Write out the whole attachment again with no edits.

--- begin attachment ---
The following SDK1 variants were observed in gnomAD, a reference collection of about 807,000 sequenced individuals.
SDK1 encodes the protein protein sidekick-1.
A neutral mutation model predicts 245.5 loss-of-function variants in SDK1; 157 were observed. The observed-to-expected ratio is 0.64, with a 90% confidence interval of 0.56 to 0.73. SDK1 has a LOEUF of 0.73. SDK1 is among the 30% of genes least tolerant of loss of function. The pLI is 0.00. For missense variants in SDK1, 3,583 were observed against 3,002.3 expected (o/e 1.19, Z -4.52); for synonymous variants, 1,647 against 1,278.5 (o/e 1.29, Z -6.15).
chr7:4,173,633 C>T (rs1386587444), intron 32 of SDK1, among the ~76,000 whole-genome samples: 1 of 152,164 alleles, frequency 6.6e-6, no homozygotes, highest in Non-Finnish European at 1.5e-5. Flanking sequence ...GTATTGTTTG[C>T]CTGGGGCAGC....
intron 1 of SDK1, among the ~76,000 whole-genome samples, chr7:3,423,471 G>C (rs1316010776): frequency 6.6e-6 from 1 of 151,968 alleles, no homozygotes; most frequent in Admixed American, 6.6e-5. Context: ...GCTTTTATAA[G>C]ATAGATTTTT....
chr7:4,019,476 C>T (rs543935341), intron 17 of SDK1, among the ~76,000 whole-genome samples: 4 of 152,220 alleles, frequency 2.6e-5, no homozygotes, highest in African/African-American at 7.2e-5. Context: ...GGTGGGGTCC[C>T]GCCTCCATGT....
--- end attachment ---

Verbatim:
The following SDK1 variants were observed in gnomAD, a reference collection of about 807,000 sequenced individuals.
SDK1 encodes the protein protein sidekick-1.
A neutral mutation model predicts 245.5 loss-of-function variants in SDK1; 157 were observed. The observed-to-expected ratio is 0.64, with a 90% confidence interval of 0.56 to 0.73. SDK1 has a LOEUF of 0.73. SDK1 is among the 30% of genes least tolerant of loss of function. The pLI is 0.00. For missense variants in SDK1, 3,583 were observed against 3,002.3 expected (o/e 1.19, Z -4.52); for synonymous variants, 1,647 against 1,278.5 (o/e 1.29, Z -6.15).
chr7:4,173,633 C>T (rs1386587444), intron 32 of SDK1, among the ~76,000 whole-genome samples: 1 of 152,164 alleles, frequency 6.6e-6, no homozygotes, highest in Non-Finnish European at 1.5e-5. Flanking sequence ...GTATTGTTTG[C>T]CTGGGGCAGC....
intron 1 of SDK1, among the ~76,000 whole-genome samples, chr7:3,423,471 G>C (rs1316010776): frequency 6.6e-6 from 1 of 151,968 alleles, no homozygotes; most frequent in Admixed American, 6.6e-5. Context: ...GCTTTTATAA[G>C]ATAGATTTTT....
chr7:4,019,476 C>T (rs543935341), intron 17 of SDK1, among the ~76,000 whole-genome samples: 4 of 152,220 alleles, frequency 2.6e-5, no homozygotes, highest in African/African-American at 7.2e-5. Context: ...GGTGGGGTCC[C>T]GCCTCCATGT....